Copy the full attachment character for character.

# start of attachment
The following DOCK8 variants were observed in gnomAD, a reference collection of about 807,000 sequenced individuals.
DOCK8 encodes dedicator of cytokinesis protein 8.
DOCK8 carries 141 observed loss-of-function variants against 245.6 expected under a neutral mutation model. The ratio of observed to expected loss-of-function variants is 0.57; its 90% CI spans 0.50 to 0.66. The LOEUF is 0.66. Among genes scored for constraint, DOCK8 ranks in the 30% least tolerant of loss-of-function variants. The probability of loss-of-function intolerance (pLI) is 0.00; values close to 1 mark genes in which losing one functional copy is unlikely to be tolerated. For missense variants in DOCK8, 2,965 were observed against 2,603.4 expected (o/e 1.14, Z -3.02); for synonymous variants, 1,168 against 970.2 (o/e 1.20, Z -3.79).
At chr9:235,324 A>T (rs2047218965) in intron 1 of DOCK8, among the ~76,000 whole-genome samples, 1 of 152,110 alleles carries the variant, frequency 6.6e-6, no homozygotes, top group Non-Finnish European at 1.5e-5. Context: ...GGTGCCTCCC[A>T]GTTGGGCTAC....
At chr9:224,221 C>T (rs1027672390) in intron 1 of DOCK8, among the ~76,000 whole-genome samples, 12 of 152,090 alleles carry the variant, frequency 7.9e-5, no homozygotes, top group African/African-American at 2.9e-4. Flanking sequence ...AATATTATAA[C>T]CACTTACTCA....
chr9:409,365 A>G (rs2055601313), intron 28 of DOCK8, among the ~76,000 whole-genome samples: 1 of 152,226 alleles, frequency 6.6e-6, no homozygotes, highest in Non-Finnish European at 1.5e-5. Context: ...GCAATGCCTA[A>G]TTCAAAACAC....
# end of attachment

The following DOCK8 variants were observed in gnomAD, a reference collection of about 807,000 sequenced individuals.
DOCK8 encodes dedicator of cytokinesis protein 8.
DOCK8 carries 141 observed loss-of-function variants against 245.6 expected under a neutral mutation model. The ratio of observed to expected loss-of-function variants is 0.57; its 90% CI spans 0.50 to 0.66. The LOEUF is 0.66. Among genes scored for constraint, DOCK8 ranks in the 30% least tolerant of loss-of-function variants. The probability of loss-of-function intolerance (pLI) is 0.00; values close to 1 mark genes in which losing one functional copy is unlikely to be tolerated. For missense variants in DOCK8, 2,965 were observed against 2,603.4 expected (o/e 1.14, Z -3.02); for synonymous variants, 1,168 against 970.2 (o/e 1.20, Z -3.79).
At chr9:235,324 A>T (rs2047218965) in intron 1 of DOCK8, among the ~76,000 whole-genome samples, 1 of 152,110 alleles carries the variant, frequency 6.6e-6, no homozygotes, top group Non-Finnish European at 1.5e-5. Context: ...GGTGCCTCCC[A>T]GTTGGGCTAC....
At chr9:224,221 C>T (rs1027672390) in intron 1 of DOCK8, among the ~76,000 whole-genome samples, 12 of 152,090 alleles carry the variant, frequency 7.9e-5, no homozygotes, top group African/African-American at 2.9e-4. Flanking sequence ...AATATTATAA[C>T]CACTTACTCA....
chr9:409,365 A>G (rs2055601313), intron 28 of DOCK8, among the ~76,000 whole-genome samples: 1 of 152,226 alleles, frequency 6.6e-6, no homozygotes, highest in Non-Finnish European at 1.5e-5. Context: ...GCAATGCCTA[A>G]TTCAAAACAC....